Sacred Symbols in Sequins offers a view of magnificent works of art made by skilled Haitian flag makers, which form remarkable mosaics of religious imagery by combining and juxtaposing symbols of Europe and the Americas with those brought from Africa centuries ago by captive slaves. Visitors to Sacred Symbols in Sequins familiar with ceremonies such as Mexico’s Day of the Dead and Brazil’s Carnaval will find common ground, while craftspeople that weave, sew, make quilts or work with beads will find inspiration in these spectacular works of art. The spiritual realm reflected in these liturgical objects is not the dark, frightening place of black magic and superstition so often stereotyped in American popular culture. As intricate works of art informed by ritual and theology, as well as by Haiti’s political history, such flags offer an unparalleled opportunity for viewers to experience the aesthetics, symbolism, and social implications of Vodou. Sacred Symbols in Sequins is a program of ExhibitsUSA, a national division of Mid-America Arts Alliance and The National Endowment for the Arts. Exhibition support provided by Michael Harris.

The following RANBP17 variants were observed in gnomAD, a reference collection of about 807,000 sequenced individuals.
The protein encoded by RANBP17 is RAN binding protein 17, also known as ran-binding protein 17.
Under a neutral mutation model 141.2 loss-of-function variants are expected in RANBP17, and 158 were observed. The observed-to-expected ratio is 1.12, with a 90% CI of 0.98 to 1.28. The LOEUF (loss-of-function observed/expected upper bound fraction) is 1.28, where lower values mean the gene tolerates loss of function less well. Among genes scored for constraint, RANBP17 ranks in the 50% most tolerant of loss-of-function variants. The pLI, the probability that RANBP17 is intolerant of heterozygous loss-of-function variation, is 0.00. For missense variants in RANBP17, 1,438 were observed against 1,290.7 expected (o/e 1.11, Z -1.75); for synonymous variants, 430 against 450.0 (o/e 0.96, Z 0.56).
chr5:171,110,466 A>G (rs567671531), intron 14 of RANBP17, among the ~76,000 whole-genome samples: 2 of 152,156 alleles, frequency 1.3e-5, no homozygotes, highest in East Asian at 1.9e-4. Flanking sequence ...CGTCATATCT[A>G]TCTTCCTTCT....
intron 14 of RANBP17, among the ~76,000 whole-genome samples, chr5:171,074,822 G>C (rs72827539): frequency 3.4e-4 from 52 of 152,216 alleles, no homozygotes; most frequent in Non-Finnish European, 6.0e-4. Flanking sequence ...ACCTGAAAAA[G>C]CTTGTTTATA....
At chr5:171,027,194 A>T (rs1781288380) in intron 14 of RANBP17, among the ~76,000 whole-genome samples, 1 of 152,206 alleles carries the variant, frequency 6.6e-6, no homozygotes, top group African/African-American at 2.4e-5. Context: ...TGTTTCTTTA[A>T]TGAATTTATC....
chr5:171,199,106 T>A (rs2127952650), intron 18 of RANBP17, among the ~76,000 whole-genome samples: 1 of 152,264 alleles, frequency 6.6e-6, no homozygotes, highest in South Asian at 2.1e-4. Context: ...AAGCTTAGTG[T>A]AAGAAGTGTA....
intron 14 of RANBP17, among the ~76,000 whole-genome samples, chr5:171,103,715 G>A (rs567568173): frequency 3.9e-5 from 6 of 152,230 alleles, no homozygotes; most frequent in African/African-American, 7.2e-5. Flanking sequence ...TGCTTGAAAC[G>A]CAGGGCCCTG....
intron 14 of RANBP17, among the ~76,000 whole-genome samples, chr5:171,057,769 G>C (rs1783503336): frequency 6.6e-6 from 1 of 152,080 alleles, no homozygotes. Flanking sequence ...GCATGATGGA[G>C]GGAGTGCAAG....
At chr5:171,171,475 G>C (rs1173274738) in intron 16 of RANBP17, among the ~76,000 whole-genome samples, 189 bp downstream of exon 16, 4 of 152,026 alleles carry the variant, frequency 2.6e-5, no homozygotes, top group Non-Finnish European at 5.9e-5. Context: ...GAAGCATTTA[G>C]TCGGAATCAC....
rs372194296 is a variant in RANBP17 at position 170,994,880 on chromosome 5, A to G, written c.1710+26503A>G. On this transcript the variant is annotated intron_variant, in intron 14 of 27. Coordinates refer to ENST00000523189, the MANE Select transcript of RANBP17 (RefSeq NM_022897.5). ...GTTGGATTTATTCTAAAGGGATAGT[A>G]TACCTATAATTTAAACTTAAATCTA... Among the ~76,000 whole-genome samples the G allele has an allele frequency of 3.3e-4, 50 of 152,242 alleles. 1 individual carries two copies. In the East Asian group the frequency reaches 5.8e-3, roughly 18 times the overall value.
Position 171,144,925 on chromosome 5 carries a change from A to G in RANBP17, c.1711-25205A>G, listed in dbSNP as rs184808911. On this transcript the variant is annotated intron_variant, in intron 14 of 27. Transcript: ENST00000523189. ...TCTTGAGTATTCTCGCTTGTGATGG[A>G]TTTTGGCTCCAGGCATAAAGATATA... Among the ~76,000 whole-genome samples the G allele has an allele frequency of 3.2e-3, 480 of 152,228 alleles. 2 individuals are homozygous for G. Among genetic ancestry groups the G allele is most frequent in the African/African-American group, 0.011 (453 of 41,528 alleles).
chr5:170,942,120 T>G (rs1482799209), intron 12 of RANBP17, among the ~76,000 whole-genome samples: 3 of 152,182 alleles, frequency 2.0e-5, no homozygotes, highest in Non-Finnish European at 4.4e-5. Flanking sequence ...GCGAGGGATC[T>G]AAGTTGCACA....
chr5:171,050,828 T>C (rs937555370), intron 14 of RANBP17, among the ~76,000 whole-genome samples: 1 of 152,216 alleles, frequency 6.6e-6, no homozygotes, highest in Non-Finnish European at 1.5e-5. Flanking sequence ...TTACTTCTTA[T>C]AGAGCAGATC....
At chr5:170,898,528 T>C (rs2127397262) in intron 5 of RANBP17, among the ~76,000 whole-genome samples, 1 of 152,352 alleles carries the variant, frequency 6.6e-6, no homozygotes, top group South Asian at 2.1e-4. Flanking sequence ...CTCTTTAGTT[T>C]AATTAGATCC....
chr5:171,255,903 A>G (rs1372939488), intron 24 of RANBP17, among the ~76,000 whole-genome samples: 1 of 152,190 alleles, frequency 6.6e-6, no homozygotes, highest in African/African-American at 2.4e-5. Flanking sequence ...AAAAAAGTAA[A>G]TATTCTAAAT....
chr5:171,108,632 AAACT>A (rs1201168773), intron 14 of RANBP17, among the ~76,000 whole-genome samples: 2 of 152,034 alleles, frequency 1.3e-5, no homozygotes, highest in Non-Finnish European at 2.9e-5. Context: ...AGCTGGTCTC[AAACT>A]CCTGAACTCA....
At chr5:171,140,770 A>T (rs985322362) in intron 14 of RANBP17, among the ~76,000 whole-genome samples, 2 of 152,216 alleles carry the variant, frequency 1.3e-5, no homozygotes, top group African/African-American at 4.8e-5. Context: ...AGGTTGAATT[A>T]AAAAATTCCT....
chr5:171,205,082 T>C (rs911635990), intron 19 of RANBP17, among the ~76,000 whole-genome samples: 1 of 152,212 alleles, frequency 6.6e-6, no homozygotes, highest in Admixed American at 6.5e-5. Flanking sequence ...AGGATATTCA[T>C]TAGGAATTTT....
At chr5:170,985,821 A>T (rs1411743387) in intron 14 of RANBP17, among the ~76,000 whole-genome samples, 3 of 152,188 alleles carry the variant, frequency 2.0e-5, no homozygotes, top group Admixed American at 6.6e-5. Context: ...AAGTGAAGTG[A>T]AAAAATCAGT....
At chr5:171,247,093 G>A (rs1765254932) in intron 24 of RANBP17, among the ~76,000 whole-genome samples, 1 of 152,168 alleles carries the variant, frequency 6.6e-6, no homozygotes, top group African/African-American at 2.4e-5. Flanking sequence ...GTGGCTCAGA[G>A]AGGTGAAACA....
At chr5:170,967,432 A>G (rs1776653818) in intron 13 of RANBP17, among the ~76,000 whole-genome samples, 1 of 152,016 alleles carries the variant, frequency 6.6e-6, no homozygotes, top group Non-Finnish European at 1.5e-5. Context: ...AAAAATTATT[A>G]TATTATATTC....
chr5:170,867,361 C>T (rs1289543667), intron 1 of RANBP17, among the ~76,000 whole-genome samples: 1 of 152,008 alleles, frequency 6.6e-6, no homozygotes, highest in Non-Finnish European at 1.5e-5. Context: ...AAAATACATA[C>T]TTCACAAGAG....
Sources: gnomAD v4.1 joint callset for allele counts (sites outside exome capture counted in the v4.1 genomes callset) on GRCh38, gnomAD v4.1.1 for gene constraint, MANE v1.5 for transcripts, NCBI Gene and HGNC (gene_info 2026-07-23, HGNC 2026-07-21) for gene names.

Exclusive to the Everhart Museum is Dinovember! a family-oriented exhibit featuring the creative photography of Refe and Susan Tuma. The project began in 2012 when the two of them devoted the month of November to convincing their children that, while they sleep, their plastic dinosaur figures come to life. Each morning their children woke to the overnight antics of the toy dinosaurs as they created mischief, mayhem, and magic in the Tuma household.